Beyond just the fact that they were planning for a new type of warfare, when it came to planning for battles between carriers there were a lot of challenges that had to be overcome. The first was simply that no navy really had enough carriers to truly test carrier vs carrier scenarios during the 1920s. For example the United States would only really have 3 modern carriers into the mid 1930s which made it challenging to do anything but the most theoretical wargame. The second problem was one of rapid aviation evolution, with both land based planes and carrier aircraft getting faster, larger, and gaining greater endurance. This effected carrier battles in obvious ways, bigger bombs and torpedoes, but also had really important impacts on theoretical carrier battles around less obvious areas. The most important was reconnaissance. If you want to attack a carrier the first thing you have to do is find it, and as the experiences of the Second World War would show this was no easy task. It would have been even more difficult 15 years earlier when aircraft had less endurance and were slower, which meant they could cover less ocean area. The third problem was one of vulnerability, up until the introduction of the British Armored carriers in the late 1930s all aircraft carriers were very vulnerable to air attack, this made any possible confrontation very dangerous. There would also be unique challenges for each navy around these topics, with the Americans dealing with trying to fit carriers within their wider War Plan Orange concepts, while also reacting to Japanese aircraft becoming more capable. The Royal Navy was working under the always challenging arrangement whereby the Fleet Air Arm was not actually controlled by the Navy and was instead under the control of the RAF. This resulted in all kinds of administrative challenges as the two services waged an on again and off again battle to turn the Fleet Air Arm into what they wanted it to be. Or in some cases the Royal Navy just trying to convince the RAF that the Fleet Air Arm needed more resources. For the Japanese they were working under the limitation placed upon them by the Washington and then London Navy treaties which meant that the Japanese had to always plan to be outnumbered in a large fleet engagement.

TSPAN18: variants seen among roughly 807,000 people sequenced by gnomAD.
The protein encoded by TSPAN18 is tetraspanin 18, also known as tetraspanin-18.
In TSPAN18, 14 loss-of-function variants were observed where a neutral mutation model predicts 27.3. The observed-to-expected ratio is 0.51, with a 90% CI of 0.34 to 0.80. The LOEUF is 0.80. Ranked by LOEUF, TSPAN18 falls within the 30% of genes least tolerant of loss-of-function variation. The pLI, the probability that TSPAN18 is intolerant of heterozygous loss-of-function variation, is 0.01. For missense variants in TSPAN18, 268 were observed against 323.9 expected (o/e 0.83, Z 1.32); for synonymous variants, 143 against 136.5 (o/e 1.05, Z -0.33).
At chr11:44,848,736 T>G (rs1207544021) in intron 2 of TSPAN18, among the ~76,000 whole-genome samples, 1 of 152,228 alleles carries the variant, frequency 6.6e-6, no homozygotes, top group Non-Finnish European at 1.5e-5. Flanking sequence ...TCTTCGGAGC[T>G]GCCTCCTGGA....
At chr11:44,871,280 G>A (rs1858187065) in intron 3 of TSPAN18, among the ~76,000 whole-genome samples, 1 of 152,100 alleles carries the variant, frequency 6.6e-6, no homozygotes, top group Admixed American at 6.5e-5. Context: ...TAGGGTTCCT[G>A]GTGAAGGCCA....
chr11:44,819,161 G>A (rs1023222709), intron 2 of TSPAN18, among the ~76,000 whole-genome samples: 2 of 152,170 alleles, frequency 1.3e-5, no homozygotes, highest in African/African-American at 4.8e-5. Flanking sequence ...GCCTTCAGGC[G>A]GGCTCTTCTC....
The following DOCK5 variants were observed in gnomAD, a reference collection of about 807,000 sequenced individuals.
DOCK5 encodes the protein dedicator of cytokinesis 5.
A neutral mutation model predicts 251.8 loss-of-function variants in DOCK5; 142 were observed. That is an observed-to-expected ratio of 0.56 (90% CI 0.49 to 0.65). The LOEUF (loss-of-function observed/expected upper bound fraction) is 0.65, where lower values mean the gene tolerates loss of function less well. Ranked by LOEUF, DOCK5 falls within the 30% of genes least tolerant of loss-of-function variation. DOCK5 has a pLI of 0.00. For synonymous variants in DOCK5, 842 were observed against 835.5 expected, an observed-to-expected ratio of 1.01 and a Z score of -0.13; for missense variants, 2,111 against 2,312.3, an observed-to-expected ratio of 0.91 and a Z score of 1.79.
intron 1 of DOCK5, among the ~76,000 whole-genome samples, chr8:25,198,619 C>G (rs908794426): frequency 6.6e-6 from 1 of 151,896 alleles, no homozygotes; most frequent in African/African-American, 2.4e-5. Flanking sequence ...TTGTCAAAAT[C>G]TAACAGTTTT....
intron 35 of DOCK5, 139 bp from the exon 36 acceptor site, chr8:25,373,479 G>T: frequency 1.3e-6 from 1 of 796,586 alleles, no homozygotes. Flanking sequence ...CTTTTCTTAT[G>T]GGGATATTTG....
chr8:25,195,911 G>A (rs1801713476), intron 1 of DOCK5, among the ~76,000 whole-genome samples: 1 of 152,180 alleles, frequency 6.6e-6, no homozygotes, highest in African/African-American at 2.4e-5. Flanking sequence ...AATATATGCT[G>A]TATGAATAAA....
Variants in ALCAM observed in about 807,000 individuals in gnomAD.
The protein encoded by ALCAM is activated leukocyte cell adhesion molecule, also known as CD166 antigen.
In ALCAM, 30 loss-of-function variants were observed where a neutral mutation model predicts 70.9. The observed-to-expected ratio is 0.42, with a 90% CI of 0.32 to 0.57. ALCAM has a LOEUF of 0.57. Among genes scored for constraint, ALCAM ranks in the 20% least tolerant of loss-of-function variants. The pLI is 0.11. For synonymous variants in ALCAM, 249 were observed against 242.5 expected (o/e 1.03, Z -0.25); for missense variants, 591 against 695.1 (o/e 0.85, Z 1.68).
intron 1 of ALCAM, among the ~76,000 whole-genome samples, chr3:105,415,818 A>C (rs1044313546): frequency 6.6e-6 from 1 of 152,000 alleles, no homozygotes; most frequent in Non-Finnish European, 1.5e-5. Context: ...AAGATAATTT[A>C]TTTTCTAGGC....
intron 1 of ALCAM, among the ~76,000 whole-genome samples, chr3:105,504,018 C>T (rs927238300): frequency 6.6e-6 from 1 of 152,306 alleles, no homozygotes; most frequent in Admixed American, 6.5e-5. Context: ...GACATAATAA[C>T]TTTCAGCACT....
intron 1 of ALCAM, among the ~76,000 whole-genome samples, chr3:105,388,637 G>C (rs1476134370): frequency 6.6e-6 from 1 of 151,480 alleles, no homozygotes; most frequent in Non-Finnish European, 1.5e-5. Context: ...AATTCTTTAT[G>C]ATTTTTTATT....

For most of the interwar period planning occurred under the assumption that large capital ships, think battleships and battlecruisers, were not really that concerned about the possibility of air attack. During the 1920s this was probably a reasonable assumption just given the capabilities of aircraft at that time. Aircraft carriers were also still firmly in the fleet utility role during most of this period, with the emphasis of their planning and preparations being placed on how they could help the larger surface ships accomplish their goals. This resulted in a lot of time and effort being put into perfecting techniques like the laying of aerial smokescreens that the battleships should could through or over, while using aerial spotting to adjust their shots to hit the enemy targets. Even when the theory began to shift towards using carriers to attack other ships, it would still be tightly wrapped out the surface fleet confrontation. For example in the mid 1930s the Japanese would have a lot of discussions about how to use carriers in a war with the United States. It was clear that the carriers were becoming more powerful, and the existing instructions for their usage, the Draft Instructions for Air Combat, simply did not meet the requirements of the current carrier force. The biggest issue with these regulations was that they gave the carriers a very narrow set of actions in an fleet action, while also not making a really definitive stance on how carriers should be used. When these were then rewritten the carriers were still performing missions simply in support of the battle fleet. They were to operate under the principle that they were to operate against the enemy fleet before the decisive battle, and they would try and seek out and destroy the enemy carriers and any other ships that were present, but it was not because they would decisively defeat the enemy, but just as a way of weakening their strength before the actual battle, with battleships, took place. While they would not be decisive, the Japanese were making it clear that the focus of carriers was first and foremost to neutralize the enemy carriers, which is what made planning for carrier vs carrier battle became so important. For the Americans and Japanese such planning took center stage due to the emphasis both navies had on the actions in the Pacific, with the Americans planning to move across the ocean while the Japanese planned to stop them. One of the core questions that the Japanese would try to answer was whether or not they should concentrate all of their carriers and all of the carrier aviation assets together into one unit, or if they should disperse them throughout the fleet. The benefits and downsides of either approach were generally well known. Concentrating the three carriers in the Japanese navy in the early 1930s would provide for their greatest possible hitting power. If the three carriers were able to concentrate all of their forces against enemy carriers it gave them the greatest possible chance of success. This was even more important for the Japanese Navy that would possibly be targeting a larger number of American or British carriers. But the downsides to this concentration were that other fleet units were not offered the protection and capabilities of the carriers, which would be a problem if they were not themselves concentrated. The most important downside though was that if the carriers were all together, and they were found by the enemy and came under attack, they were very vulnerable to being disabled. A few bomb hits might put a carrier completely out of action due to the damage done to the flight deck, and if all of the carriers were together it could happen to all of them. The evolution of aircraft, and particularly the growing power of dive bombing amplified both the benefits and risks associated with carrier concentration. As dive bombers particularly grew more powerful having more of them together provided even greater assurance of disabling enemy carriers, while also putting your own carriers at greater risk. Looking into the war, the concentration of carriers would prove to be very beneficial but also dangerous, both of which the Japanese would experience during the war. For example the Kido Butai was able to rampage around the Indian Ocean after the start of the war due to the sheer number of aircraft it could throw at anything in its path. On the negative side, things like Midway could happen, where 4 Japanese carriers would be sunk partially because they were all grouped together.